Las Américas International Airport
|Las Américas International Airport
Aeropuerto Internacional Las Américas
Las Américas Airport Terminals view. Copa, Air Pullmantur in Terminal A, and American in Terminal B
|IATA: SDQ – ICAO: MDSD|
|Operator||Aeropuertos Dominicanos Siglo XXI S.A. (Aerodom), with their international airport operator, Vancouver Airport Services, Ltd. (YVRAS)|
|Location||Boca Chica in Greater Santo Domingo, Dominican Republic|
|Hub for||PAWA Dominicana|
|Elevation AMSL||59 ft / 18 m|
- "SDQ" redirects here. SDQ is also the former callsign of a TV station in Warwick, Queensland, Australia.
Las Américas International Airport (Spanish: Aeropuerto Internacional Las Américas, or AILA) (IATA: SDQ, ICAO: MDSD) is an international airport located in Punta Caucedo, near Santo Domingo and Boca Chica in the Dominican Republic. The airport is run by Aeropuertos Dominicanos Siglo XXI (AERODOM), a private corporation based in the Dominican Republic under a 25-year concession to build, operate, and transfer (BOT) six airports of the country's airports. Las Américas usually receives Boeing 737, 747, 757, 767, 777; Airbus A319, A320, A330, A340; and many long-, mid- and short-haul aircraft.
Las Américas Airport opened in 1959 as the official airport of Santo Domingo. The official name of the airport was changed in 2002 to "Aeropuerto Internacional Las Américas- José Francisco Peña Gómez (AIJFPG)" but is most commonly referred to as "Las Américas International Airport", or locally, "Las Américas".
On February 15, 1970, a Dominicana de Aviación DC-9 that was flying to Luis Muñoz Marín International Airport in San Juan, Puerto Rico, crashed, killing all 102 persons on board (see: Dominicana DC-9 air disaster).
Recently, the expressway leading from Santo Domingo to the airport (roughly 20 km east of the city center) was expanded and modernised. The airport was also modernised, and two more terminals were added, including 20 more gates. The new expressway crosses a new suspension bridge which spans the Ozama River, connecting traffic into the city's Elevated Freeway and Tunnel system onto the city's main street, Av. 27 de Febrero. A more scenic route following the coastal shore provides beautiful views of the Caribbean Sea and of the city. This secondary road crosses the Ozama River by means of a floating bridge, connecting traffic onto the Av. George Washington (el Malecón) which leads into the heart of the colonial city.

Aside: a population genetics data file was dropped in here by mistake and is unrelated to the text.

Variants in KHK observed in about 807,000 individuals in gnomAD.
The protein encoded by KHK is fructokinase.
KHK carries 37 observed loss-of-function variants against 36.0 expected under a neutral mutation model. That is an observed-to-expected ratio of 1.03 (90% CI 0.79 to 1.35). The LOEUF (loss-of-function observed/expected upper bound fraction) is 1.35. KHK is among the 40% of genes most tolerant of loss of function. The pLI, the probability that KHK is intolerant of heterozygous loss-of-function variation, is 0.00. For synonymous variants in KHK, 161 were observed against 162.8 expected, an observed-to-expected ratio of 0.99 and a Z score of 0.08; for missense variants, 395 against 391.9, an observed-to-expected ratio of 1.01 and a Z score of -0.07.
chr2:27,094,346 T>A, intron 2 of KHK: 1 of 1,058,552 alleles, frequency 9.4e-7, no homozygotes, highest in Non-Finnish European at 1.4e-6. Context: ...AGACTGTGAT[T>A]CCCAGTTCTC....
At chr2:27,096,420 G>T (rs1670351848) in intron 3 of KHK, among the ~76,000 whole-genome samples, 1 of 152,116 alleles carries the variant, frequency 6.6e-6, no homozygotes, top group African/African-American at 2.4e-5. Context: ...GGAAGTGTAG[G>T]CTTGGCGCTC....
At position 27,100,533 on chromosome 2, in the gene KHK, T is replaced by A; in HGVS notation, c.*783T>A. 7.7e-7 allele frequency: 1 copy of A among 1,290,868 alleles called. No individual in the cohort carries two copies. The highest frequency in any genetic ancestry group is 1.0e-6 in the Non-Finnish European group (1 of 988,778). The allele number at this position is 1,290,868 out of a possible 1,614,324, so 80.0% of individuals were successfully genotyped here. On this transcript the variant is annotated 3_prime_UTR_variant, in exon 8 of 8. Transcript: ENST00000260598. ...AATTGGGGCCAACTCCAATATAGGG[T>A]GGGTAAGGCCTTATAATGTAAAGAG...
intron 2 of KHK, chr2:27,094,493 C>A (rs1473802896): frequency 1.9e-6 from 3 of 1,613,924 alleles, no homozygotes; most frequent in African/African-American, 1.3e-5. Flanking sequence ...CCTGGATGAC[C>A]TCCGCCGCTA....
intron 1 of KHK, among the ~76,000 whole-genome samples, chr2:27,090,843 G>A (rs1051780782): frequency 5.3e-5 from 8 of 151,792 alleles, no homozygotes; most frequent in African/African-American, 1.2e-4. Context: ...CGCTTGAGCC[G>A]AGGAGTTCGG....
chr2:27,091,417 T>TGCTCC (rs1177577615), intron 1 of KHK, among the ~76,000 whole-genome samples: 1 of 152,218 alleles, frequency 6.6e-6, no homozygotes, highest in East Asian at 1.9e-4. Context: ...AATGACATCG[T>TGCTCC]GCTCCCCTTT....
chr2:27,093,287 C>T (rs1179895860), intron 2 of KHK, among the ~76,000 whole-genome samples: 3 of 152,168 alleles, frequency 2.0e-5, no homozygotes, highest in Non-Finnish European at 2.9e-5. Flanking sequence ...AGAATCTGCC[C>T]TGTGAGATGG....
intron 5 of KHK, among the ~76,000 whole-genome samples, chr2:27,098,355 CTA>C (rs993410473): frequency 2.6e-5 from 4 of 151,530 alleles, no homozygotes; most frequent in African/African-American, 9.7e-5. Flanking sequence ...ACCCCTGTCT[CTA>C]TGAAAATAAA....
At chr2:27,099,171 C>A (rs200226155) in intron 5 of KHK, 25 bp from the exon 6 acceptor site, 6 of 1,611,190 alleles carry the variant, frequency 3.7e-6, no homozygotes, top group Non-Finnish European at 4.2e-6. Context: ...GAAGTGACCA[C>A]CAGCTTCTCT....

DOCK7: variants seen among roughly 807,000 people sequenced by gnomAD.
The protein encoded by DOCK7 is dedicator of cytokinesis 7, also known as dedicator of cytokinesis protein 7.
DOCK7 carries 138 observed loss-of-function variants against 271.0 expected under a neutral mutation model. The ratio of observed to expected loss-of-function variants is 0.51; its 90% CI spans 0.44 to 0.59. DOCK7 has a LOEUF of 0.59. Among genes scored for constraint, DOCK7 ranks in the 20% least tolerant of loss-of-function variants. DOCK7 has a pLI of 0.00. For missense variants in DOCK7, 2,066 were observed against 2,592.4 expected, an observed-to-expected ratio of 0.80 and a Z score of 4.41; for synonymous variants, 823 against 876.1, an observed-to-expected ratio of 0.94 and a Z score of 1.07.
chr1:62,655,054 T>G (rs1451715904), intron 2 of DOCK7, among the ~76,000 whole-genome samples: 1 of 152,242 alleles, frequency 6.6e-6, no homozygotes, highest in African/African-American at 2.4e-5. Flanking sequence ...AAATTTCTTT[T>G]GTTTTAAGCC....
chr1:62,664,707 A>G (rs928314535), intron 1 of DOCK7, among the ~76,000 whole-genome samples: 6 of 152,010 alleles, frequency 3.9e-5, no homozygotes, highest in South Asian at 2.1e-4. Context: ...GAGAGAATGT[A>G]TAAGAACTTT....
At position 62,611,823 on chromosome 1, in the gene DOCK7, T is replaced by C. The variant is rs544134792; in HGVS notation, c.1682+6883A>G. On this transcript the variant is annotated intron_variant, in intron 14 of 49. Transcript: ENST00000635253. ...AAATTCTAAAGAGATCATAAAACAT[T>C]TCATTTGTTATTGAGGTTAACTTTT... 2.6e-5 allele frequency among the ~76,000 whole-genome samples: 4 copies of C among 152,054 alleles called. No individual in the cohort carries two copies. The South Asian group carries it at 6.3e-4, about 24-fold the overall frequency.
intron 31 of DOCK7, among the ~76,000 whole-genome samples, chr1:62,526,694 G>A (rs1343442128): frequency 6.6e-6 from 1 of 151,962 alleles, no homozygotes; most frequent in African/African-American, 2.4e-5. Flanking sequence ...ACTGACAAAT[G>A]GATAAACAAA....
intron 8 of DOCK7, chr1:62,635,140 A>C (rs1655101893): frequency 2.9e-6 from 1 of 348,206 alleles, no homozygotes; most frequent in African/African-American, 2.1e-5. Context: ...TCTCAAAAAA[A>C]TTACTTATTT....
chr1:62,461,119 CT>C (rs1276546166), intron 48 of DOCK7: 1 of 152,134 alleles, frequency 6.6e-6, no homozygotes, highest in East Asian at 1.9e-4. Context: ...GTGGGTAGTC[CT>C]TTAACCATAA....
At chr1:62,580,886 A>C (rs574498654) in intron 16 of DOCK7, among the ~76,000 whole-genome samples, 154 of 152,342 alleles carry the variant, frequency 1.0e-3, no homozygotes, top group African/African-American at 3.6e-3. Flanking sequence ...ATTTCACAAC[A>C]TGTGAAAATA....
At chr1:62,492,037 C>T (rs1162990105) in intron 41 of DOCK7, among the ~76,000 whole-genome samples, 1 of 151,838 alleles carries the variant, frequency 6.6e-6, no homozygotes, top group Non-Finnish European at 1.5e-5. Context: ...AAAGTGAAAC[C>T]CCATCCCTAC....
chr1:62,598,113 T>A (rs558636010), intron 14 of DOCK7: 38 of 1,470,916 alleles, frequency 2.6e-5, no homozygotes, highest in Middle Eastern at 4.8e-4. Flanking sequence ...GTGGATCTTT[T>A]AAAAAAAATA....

The new northern terminal
On 18 April 2007, a new terminal was completed and opened for operations. It can accommodate four Airbus A380s simultaneously. This new terminal has four gates with boarding bridges, an air-conditioning system, and maintenance facilities for aircraft. The runway was also modified, making Las Américas the Caribbean and Latin America's biggest airport.
Las Américas' runway direction is 17/35. This runway is the largest in the country, and one of the largest in the Caribbean. With a length of 3,355 m, it is able to support an Airbus A380. The runway of SDQ was last renovated in June 2008. The old taxi-way was also renovated and converted into a full runway while the old runway was being renovated, then it was converted back into a taxiway after the normal runway was finished. The runway accommodated the Antonov An-225 to supply goods after the 2010 Haiti earthquake.